Trekkers enjoying mountain views and a well earned rest atop Kyanjin Ri (4586 m) in the Langtang Valley
Snowy mountain view with colourful prayer flags in the foreground, seen from the first Kyanjin Ri viewpoint (4300 m) on the Langtang Valley trek
Featured image for 'What to Pack for Trekking in Nepal', featuring trekkers, guides and porters crossing a suspension bridge on the Everest Base Camp route
A narrow trekking trail in Upper Mustang stretching off into the distance amidst some bizarre rock formations, with the snowy peak of Dhaulagiri in the background
Trekkers on a trail approaching a round orange rock formation with a plateau stretched out into the distance in Upper Mustang
Sunrise hitting the Annapurna Mountains in Nepal
Trekkers look out while descending from the Larke Pass on the Manaslu Circuit Trek

GOSAINKUNDA TREK PERMITS AND FEES

GOSAINKUNDA TREK //

TREKKING PERMITS & FEES

You need to pay the Langtang National Park entrance fee to trek to Gosainkunda. This costs 3000 NPR (1500 NPR for SAARC nationals/100 NPR for Nepalis). If you are starting at Dhunche or Syabrubesi, you can pay at the national park entrance shortly before Dhunche, where all public and private transport have to make a stop. If you are starting at Sundarijal or Kutumsang, you can pay at the national park entrance at Helmu, shortly after Kutumsang. You need to have your passport and the cash fee in Nepalese rupees (NPR). Be sure to hold onto your receipt as you need to show it at checkpoints along the route.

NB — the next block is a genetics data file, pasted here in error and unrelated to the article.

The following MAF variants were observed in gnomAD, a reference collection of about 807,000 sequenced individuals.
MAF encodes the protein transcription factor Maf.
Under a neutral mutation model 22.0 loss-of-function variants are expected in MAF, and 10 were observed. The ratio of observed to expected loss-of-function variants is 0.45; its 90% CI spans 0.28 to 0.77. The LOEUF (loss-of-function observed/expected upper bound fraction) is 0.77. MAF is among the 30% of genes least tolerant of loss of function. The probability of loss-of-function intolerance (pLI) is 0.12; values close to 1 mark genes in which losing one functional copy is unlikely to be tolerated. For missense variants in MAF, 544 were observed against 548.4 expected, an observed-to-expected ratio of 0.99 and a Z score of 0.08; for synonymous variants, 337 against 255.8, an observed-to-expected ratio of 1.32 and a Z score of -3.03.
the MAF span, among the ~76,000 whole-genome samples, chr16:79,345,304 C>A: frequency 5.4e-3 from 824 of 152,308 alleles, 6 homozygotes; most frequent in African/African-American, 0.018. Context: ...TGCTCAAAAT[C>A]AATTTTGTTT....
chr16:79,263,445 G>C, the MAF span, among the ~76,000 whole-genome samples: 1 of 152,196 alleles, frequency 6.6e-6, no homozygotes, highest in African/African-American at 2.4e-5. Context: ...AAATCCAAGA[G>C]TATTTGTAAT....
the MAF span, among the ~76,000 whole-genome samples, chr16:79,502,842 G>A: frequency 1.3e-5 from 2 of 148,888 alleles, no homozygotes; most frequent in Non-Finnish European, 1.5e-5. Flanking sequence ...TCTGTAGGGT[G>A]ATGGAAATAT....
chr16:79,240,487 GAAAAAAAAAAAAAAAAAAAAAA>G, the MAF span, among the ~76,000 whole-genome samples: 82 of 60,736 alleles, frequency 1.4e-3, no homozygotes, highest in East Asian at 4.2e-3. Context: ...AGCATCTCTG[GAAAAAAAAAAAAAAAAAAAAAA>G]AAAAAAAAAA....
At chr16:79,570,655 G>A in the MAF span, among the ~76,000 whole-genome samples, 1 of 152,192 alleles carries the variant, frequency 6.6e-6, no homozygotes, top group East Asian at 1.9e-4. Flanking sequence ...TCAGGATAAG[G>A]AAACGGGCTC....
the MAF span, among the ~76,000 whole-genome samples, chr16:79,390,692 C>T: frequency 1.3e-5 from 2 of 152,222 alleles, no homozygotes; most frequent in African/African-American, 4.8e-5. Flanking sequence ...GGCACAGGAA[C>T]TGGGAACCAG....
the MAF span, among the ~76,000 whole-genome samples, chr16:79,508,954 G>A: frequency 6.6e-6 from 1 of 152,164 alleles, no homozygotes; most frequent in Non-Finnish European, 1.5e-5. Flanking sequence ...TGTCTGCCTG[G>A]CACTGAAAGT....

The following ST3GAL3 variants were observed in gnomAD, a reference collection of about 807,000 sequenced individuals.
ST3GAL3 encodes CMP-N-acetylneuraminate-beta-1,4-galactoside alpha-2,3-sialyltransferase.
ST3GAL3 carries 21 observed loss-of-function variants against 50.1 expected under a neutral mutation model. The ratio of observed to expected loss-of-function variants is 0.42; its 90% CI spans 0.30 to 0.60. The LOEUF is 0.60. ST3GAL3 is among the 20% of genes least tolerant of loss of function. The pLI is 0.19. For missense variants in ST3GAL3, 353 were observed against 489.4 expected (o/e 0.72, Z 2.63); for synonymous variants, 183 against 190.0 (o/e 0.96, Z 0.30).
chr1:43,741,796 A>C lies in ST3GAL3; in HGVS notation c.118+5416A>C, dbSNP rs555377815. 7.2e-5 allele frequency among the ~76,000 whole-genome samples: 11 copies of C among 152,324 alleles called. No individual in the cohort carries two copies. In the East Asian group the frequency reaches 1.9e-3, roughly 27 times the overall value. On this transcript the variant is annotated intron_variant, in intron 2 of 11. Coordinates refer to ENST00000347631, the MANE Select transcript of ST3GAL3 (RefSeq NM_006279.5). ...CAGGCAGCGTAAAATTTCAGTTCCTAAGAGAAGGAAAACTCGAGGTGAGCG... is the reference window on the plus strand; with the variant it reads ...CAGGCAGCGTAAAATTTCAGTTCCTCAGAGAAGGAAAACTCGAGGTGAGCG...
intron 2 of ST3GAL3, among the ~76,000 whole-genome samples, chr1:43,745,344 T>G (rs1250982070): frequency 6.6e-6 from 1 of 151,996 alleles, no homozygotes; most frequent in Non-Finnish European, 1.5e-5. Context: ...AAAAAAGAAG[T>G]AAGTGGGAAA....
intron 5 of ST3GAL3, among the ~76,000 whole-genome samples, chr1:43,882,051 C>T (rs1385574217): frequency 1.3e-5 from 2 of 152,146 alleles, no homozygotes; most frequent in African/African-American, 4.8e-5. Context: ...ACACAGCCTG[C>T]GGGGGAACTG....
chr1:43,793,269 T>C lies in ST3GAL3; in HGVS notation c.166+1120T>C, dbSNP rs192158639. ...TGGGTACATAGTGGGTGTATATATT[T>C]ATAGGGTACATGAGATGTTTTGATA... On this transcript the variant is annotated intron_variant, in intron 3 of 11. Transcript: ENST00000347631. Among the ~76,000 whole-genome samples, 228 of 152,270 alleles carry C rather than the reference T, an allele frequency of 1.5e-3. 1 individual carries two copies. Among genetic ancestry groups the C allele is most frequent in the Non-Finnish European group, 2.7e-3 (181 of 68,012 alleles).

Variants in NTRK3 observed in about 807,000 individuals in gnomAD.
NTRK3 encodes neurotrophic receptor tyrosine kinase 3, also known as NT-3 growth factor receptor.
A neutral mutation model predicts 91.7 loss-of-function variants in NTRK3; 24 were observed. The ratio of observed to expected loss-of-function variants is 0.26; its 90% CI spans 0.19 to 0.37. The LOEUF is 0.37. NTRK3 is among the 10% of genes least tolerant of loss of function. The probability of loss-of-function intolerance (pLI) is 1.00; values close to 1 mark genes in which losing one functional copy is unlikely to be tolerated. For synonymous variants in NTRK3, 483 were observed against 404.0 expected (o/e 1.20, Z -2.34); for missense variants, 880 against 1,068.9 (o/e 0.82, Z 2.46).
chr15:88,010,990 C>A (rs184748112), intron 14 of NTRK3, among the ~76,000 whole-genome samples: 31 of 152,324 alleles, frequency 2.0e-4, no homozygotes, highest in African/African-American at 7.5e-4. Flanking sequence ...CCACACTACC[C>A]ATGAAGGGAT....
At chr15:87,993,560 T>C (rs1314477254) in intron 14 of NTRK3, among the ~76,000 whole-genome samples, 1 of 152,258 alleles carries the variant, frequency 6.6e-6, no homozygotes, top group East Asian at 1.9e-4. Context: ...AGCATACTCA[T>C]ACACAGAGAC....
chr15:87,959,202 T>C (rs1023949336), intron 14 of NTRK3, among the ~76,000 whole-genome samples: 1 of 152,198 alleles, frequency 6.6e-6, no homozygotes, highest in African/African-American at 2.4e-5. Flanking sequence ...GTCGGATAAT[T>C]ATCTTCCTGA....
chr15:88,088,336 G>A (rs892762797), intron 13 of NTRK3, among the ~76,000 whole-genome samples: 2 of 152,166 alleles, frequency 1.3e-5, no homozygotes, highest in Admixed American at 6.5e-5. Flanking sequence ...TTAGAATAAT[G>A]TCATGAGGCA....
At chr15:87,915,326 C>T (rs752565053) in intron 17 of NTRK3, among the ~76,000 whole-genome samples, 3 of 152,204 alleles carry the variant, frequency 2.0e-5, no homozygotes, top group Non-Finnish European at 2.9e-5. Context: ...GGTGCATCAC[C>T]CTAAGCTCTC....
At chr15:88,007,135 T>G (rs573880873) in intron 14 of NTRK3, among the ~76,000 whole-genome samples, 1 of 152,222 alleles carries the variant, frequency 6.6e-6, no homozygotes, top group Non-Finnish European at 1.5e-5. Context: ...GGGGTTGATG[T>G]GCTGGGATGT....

If you are starting or ending your Gosainkunda Helambu trek at Sundarijal, you will also need to pay the Shivapuri-Nagarjun National Park Entrance Fee of 1000 NPR (600 NPR for SAARC nationals/100 NPR for Nepalis).

Formerly, getting a TIMS card was also necessary, but this hasn’t been the case for a couple of years and when we trekked in March/April 2023, it was not required. Whether this situation will continue, we can’t say, but since April 1st 2023 a TIMS (Trekkers’ Information Management System) card can only be obtained by a representative of a registered trekking agency.

Your bag will be searched at the same checkpoints where your NP entrance fee is paid. The police will specifically ask if you have a drone with you, which are not permitted unless you have the relevant permission and documents to prove it.

TREKKING TO GOSAINKUNDA INDEPENDENTLY

GOSAINKUNDA TREK //

TREKKING INDEPENDENTLY